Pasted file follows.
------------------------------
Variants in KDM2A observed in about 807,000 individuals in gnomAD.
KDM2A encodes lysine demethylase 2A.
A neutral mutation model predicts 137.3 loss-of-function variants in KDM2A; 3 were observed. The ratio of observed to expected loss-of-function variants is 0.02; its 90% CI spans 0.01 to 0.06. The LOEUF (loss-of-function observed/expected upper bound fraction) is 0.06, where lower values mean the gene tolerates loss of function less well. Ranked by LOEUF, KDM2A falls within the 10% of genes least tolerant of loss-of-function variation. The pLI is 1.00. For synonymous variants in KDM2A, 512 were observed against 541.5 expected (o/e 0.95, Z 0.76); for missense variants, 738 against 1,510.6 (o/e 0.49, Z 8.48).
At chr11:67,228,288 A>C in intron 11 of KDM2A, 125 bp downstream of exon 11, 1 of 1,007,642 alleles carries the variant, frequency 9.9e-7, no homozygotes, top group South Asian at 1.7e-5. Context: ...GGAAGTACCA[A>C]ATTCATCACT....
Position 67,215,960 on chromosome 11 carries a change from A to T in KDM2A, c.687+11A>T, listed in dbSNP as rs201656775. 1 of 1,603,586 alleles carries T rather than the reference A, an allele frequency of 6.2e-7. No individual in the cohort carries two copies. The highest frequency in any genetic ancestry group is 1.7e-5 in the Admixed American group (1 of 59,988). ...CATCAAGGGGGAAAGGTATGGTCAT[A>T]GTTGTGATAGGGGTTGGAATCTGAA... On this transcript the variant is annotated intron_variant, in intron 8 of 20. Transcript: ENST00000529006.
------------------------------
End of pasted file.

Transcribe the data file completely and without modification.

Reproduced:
Variants in KDM2A observed in about 807,000 individuals in gnomAD.
KDM2A encodes lysine demethylase 2A.
A neutral mutation model predicts 137.3 loss-of-function variants in KDM2A; 3 were observed. The ratio of observed to expected loss-of-function variants is 0.02; its 90% CI spans 0.01 to 0.06. The LOEUF (loss-of-function observed/expected upper bound fraction) is 0.06, where lower values mean the gene tolerates loss of function less well. Ranked by LOEUF, KDM2A falls within the 10% of genes least tolerant of loss-of-function variation. The pLI is 1.00. For synonymous variants in KDM2A, 512 were observed against 541.5 expected (o/e 0.95, Z 0.76); for missense variants, 738 against 1,510.6 (o/e 0.49, Z 8.48).
At chr11:67,228,288 A>C in intron 11 of KDM2A, 125 bp downstream of exon 11, 1 of 1,007,642 alleles carries the variant, frequency 9.9e-7, no homozygotes, top group South Asian at 1.7e-5. Context: ...GGAAGTACCA[A>C]ATTCATCACT....
Position 67,215,960 on chromosome 11 carries a change from A to T in KDM2A, c.687+11A>T, listed in dbSNP as rs201656775. 1 of 1,603,586 alleles carries T rather than the reference A, an allele frequency of 6.2e-7. No individual in the cohort carries two copies. The highest frequency in any genetic ancestry group is 1.7e-5 in the Admixed American group (1 of 59,988). ...CATCAAGGGGGAAAGGTATGGTCAT[A>T]GTTGTGATAGGGGTTGGAATCTGAA... On this transcript the variant is annotated intron_variant, in intron 8 of 20. Transcript: ENST00000529006.